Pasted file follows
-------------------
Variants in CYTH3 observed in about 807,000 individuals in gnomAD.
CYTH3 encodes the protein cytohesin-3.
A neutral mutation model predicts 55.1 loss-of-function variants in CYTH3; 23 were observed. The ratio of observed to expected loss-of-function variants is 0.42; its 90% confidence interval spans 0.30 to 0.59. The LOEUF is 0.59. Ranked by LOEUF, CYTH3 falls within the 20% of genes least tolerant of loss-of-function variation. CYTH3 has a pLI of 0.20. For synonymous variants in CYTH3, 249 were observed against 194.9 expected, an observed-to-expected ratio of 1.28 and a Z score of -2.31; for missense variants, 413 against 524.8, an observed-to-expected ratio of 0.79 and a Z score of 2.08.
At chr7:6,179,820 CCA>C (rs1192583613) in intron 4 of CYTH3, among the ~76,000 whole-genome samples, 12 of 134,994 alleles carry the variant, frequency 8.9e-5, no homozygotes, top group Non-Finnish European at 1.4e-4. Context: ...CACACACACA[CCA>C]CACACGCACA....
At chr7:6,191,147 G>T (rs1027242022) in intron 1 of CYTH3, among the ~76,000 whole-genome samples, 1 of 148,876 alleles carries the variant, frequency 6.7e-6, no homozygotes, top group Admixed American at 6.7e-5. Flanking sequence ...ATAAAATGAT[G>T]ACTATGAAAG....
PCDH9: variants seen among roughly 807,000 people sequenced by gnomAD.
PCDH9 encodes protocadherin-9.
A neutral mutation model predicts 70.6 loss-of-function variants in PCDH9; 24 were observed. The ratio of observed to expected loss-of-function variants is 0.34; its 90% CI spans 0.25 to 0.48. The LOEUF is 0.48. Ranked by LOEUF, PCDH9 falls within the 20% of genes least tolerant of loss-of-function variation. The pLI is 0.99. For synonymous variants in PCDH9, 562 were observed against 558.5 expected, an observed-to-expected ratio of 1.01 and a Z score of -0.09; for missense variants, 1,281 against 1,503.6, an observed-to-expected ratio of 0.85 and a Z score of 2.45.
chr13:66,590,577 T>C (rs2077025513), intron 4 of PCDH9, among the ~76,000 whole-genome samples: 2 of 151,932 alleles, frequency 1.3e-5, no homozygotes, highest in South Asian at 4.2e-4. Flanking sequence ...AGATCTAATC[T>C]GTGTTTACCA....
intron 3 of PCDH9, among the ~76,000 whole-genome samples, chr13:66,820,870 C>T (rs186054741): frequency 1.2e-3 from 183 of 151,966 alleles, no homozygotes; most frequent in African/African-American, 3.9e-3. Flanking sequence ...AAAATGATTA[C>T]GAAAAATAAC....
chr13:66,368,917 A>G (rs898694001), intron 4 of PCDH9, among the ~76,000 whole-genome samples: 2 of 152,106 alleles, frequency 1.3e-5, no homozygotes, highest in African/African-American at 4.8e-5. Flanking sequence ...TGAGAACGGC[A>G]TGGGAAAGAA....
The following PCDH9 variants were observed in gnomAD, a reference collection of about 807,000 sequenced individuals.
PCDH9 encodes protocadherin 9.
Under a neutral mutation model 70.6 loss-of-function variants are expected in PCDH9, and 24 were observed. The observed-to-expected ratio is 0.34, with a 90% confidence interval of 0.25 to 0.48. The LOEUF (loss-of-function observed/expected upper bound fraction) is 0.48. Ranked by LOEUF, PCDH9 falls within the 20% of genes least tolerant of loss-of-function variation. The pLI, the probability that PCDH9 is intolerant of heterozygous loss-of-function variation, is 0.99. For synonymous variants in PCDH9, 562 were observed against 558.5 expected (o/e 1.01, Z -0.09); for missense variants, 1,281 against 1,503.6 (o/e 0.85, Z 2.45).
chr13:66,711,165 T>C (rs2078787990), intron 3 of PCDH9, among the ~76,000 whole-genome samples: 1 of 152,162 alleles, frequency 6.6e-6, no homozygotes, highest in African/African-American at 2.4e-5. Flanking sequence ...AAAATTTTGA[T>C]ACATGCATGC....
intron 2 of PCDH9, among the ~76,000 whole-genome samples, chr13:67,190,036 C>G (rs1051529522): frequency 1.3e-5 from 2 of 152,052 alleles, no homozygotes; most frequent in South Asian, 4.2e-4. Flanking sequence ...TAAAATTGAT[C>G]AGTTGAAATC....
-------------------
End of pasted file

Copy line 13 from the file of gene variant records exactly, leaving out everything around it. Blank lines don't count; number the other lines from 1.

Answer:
PCDH9 encodes protocadherin 9.